Payday loans may seem like a simple, quick solution to your financial struggles, because they allow you to easily borrow hundreds of dollars from online lenders without the need for long applications or waiting periods. However, they can send your life into a downward spiral. One Kansas City man learned all too well how easily a relatively small payday loan can turn everything upside down.
The story of Elliot Clark is being told by advocates seeking to end predatory payday loan scams as an example, hoping that it will scare some potential borrowers away from short-term lenders.
How Dangerous Are Payday Loans?
Clark, a Vietnam vet, felt turning to payday lenders was his best option when his wife was forced to quit her job due to medical emergency. Since $22,000 in medical debt and the sudden loss of income had left Clark and his wife in a poor position, Clark took out five payday loans totaling $2,500 to help pay living expenses.
For five years, Clarke was making two monthly payments of $95 to repay the short-term loans which had principles of only $500. However, during those five years, the loans had stacked up more than $50,000 in interest. As a result of taking out $2,500 in payday loans, Clark and his wife were forced to give up their home.
The National Consumer Law Center says that Clark’s story is tragic, but not uncommon. Payday loans routinely prey on people in need and take advantage of them. Short-term payday loan providers have been banned in a handful of states for their predatory lending practices. Recently, Google even officially banned payday lenders from using its advertising platform.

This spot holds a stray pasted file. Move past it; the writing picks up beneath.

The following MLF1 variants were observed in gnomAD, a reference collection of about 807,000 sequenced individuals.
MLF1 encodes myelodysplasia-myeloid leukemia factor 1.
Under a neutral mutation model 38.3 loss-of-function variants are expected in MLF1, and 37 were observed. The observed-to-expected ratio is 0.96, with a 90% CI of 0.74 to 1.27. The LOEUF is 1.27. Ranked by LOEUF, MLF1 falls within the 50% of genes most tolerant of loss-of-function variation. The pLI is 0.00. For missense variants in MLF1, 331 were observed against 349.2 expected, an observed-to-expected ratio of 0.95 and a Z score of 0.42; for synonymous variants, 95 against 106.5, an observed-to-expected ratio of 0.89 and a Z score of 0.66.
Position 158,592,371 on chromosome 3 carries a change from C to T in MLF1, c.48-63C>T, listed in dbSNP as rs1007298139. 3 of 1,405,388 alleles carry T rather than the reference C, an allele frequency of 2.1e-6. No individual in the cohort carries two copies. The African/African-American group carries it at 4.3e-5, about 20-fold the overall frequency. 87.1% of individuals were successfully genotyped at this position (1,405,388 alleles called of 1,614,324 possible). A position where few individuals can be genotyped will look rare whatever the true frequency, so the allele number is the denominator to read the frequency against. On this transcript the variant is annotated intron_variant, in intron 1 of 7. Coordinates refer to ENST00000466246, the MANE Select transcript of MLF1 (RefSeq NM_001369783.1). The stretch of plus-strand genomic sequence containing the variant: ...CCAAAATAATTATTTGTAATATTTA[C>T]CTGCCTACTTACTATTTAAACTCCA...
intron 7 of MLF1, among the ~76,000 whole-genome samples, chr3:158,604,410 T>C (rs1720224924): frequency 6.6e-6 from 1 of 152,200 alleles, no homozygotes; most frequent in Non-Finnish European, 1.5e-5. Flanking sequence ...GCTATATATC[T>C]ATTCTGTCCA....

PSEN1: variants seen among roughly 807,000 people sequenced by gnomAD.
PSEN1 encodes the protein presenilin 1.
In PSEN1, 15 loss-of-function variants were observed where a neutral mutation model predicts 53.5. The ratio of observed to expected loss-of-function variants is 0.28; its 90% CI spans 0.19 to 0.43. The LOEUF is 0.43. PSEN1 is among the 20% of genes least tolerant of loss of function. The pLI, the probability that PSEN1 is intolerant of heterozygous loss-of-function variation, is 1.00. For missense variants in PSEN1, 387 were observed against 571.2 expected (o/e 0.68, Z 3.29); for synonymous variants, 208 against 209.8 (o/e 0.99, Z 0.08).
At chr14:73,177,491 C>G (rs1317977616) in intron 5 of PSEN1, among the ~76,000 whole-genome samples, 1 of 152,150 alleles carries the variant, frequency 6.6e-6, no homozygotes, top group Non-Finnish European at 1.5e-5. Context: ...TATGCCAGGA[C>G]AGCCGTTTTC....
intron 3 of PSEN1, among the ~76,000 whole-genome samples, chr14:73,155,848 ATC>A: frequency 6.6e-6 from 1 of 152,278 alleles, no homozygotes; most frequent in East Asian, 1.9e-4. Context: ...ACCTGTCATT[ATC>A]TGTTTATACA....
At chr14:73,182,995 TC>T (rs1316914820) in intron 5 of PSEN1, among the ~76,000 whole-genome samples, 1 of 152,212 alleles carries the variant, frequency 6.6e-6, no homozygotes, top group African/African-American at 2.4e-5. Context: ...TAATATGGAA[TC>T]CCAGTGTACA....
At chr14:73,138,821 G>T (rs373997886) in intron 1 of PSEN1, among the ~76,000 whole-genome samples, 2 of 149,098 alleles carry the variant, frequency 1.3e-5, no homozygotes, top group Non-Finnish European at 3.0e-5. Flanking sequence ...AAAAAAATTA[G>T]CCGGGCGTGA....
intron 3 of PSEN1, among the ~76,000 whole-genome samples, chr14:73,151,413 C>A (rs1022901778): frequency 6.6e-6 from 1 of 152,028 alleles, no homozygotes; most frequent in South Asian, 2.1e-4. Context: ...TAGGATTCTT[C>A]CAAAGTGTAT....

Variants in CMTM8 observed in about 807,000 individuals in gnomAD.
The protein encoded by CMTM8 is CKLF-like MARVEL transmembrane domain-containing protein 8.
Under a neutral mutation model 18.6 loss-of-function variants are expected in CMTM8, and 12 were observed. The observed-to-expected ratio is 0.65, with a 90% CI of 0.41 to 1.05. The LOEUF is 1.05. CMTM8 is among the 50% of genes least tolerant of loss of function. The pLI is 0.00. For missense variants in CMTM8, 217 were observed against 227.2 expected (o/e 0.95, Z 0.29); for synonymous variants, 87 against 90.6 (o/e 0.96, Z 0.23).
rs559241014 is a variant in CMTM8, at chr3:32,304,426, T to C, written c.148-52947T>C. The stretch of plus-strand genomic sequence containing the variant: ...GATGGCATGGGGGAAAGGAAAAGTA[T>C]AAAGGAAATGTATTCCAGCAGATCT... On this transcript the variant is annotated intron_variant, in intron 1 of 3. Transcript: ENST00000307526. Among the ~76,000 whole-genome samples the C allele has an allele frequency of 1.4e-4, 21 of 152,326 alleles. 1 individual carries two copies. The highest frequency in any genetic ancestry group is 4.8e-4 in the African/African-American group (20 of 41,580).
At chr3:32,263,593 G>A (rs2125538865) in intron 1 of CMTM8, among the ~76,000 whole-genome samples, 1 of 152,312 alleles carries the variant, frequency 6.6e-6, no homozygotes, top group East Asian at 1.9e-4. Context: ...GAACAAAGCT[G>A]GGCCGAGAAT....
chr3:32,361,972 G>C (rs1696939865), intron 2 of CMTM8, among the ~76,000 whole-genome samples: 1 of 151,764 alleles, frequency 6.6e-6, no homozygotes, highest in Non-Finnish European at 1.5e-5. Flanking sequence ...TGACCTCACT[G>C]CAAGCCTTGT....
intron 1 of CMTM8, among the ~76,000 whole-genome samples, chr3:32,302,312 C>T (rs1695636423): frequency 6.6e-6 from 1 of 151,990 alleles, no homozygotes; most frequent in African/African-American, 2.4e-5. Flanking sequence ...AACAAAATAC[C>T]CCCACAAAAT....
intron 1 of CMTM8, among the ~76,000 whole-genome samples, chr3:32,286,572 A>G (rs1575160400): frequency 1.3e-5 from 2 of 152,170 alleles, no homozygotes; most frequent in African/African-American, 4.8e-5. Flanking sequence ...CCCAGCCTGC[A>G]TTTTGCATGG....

What Can I Do If I’m Stuck in a Cycle of Payday Loans?
One of the most common problems people run into with payday loans is that they get stuck in a cycle. Sometimes, borrowers feel they have to take out another payday loan to pay off the first, and so on, and so on. This becomes a cycle of ever-growing principle and interest until the borrower cannot take it anymore.
If you get stuck in a payday cycle, the best thing to do is to STOP taking out more. It will only do more harm to continue buying into their scams. Instead, you may benefit from filing Chapter 7 bankruptcy. Filing bankruptcy will protect you from creditor harassment, and put a stop to the cycle.
Since payday loans are almost always considered unsecured debt, they are completely dischargeable in Chapter 7 bankruptcy. After a few short months, Chapter 7 bankruptcy can give you a fresh start, putting your payday loan problems could be behind you forever.
Washington, D.C. bankruptcy attorney Kevin D. Judd has been helping countless people rid themselves of crushing debt, allowing them to hit the reset and start fresh.